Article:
Her educational quest took her to Taiwan, where she received her BSE in Psychology from the National Taiwan University, then on to Canada where she received her Masters (MA) and terminal PhD degree (in Psychology) from The University of Ottawa in Ottawa, Canada.
As a practicing Clinical Psychologist, Dr. Fay Tang now spends much of her time treating patients with a heavy dose of traditional therapy mixed with relaxation-inducing exercises like hypnosis. They love it so much they ask for her to “relax” them at the start of sessions. She does this for a generally very reduced rate, if not for free. The same genetic legacy of giving for the sake of giving, without expectation of a return on the investment.
The other portion of her time is devoted to The Tang Award. To say it was extremely challenging to bring to fruition is an understatement. In fact, the process has taken the better part of 3 decades. Years of searching and researching, mountains of legal work, forming a selection committee (in Dr. Tang’s estimation, by far the most challenging part of the process-“Nobel already has these, I am only one Fay Tang!”), and finally landing on the perfect alliance with the Psychology Department at the University of Toronto, whose “support and enthusiasm” under Dr. Susanne Ferber, Chair of the Psychology Department “got the ball rolling so fast” that from May, when Dr. Tang approached the University for an alliance, until now, the awardee was selected and the prize awarded. In an elegant ceremony, which took place in a wood-paneled room with tall glass windows overlooking the University of Toronto campus, Dr. Seligman received the award in front of a full house, including his lovely wife and daughters. The date was November 12th, also Dr. Fay Tang’s birthday, the perfect gift for a woman whose vision and passion led directly to the award’s inception.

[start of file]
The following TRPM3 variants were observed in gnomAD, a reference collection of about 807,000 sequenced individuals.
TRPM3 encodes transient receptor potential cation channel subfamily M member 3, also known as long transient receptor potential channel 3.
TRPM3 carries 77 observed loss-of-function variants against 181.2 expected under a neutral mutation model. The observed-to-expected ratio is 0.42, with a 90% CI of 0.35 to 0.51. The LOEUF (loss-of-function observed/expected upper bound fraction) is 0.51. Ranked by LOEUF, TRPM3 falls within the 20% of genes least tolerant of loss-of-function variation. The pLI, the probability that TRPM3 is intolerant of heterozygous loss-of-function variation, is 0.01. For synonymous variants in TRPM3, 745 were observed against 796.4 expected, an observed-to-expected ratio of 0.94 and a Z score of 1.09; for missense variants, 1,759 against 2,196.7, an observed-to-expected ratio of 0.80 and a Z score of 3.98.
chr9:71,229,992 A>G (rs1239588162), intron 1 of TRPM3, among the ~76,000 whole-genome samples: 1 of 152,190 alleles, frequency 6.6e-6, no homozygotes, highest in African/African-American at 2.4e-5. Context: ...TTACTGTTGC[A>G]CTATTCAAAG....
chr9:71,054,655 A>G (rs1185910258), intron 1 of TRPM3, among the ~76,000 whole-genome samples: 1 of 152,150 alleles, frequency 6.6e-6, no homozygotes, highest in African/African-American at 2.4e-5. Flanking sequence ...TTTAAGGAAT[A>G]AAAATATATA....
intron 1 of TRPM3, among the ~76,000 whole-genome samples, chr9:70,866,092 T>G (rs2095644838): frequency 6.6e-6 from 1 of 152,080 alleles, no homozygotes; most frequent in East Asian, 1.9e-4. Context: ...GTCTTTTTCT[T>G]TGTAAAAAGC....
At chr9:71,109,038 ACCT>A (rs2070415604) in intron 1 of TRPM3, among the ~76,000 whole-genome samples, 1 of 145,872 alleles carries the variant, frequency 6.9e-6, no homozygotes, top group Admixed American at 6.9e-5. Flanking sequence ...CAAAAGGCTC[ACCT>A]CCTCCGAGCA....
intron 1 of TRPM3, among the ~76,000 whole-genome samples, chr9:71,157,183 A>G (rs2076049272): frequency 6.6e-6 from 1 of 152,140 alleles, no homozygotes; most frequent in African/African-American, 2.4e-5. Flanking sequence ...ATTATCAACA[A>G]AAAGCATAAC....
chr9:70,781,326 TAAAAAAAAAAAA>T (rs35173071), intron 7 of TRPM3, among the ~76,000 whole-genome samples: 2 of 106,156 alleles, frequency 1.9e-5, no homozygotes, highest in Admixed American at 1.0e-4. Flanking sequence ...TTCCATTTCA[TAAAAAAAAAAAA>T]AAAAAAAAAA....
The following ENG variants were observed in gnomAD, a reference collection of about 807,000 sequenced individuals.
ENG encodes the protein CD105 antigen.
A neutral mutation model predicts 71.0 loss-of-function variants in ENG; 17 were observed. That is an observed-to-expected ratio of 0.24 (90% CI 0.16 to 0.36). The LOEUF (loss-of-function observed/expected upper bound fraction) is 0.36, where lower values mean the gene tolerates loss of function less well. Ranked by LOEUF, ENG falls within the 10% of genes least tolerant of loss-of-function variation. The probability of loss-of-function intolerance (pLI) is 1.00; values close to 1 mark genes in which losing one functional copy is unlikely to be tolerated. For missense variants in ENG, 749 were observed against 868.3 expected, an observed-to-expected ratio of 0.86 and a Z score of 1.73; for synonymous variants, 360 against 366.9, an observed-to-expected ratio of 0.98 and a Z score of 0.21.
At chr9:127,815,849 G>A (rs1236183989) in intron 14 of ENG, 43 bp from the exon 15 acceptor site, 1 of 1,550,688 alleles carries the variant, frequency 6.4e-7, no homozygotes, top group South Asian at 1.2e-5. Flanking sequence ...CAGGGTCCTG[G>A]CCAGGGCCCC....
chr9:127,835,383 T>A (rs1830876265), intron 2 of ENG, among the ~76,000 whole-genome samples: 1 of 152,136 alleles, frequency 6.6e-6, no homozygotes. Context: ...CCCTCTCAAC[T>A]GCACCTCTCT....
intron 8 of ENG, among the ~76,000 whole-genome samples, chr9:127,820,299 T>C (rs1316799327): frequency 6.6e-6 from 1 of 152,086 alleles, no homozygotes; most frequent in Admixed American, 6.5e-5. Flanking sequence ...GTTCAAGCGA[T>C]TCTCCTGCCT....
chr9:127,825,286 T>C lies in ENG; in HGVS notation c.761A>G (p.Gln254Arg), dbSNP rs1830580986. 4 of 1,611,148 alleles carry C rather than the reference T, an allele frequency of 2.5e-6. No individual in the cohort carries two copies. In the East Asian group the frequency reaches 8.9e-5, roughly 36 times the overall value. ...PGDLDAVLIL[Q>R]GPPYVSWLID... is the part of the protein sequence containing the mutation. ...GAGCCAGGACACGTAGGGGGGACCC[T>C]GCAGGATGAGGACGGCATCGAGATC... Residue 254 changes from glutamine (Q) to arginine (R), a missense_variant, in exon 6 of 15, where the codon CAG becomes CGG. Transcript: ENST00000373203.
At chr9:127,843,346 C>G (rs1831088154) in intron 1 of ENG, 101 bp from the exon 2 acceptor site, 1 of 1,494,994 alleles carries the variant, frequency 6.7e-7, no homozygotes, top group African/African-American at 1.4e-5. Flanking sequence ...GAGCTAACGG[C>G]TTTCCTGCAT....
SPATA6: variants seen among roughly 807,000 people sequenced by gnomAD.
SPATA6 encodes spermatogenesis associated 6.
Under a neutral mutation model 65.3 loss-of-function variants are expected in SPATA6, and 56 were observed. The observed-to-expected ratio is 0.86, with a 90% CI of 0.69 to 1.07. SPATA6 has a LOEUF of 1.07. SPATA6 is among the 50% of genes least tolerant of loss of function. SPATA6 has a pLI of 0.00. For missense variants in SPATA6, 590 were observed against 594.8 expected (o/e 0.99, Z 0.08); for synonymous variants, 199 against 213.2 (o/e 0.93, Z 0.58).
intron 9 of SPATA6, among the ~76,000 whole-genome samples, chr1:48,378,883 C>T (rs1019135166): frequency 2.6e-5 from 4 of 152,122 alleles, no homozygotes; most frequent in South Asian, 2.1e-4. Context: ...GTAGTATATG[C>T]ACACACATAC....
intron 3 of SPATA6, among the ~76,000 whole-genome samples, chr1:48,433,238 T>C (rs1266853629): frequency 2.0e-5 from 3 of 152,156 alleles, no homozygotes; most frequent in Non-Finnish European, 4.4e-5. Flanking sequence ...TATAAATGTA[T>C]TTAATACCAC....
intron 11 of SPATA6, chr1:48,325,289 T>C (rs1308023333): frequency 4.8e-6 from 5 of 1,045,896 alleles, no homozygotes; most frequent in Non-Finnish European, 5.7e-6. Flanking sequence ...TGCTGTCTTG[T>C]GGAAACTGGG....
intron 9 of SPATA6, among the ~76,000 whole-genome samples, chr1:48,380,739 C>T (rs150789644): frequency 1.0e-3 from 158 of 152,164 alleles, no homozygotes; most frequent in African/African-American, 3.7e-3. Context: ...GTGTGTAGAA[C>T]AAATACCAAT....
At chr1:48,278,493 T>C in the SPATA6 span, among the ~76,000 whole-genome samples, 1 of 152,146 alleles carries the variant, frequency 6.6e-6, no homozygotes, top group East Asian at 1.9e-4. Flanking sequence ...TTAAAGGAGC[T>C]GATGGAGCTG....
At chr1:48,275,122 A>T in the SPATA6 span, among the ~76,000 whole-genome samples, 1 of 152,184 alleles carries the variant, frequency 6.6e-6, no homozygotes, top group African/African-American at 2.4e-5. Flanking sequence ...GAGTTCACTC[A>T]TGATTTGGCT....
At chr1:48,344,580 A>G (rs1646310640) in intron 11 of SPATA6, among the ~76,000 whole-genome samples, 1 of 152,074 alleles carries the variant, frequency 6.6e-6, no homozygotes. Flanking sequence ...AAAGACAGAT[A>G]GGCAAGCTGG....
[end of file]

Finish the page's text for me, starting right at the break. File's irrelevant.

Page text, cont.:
So what kind of precedent has this inaugural Tang Award set? Timing-wise, the award is to be presented every 3 years. An almost Olympic-style turnover. After a careful look at the numbers with her lawyer, this precise woman who describes herself as “thrifty” and very cautious with expenditure decided that the interest collected on chary investments of her own capital would all go to the awardee while keeping foundational capital intact –this will ensure the longevity of the award and support its fruition for years to come. 3 years is the established time it will take to turn over this amount of interest on the investments of personal capital she has spent years amassing. $100,000 is a number she knows is high enough to attract international attention, and honor her awardees’ efforts commensurately.
As for Fay Tang the person, her erstwhile legacy of silence will perhaps be broken now if she pays heed to advice given to her in a lengthy and enlightening tete-a-tete with her own awardee Marty Seligman when they met in Toronto for the award presentation. For the sake of Positive Psychology, mental health, and the propagation of the Tang Award, he has encouraged her to engage more actively with public relations and media outlets. Though I hope this doesn’t diminish the privacy that she holds so dear, I consider myself lucky to be one of the first to hear her story and privileged to be able to share it.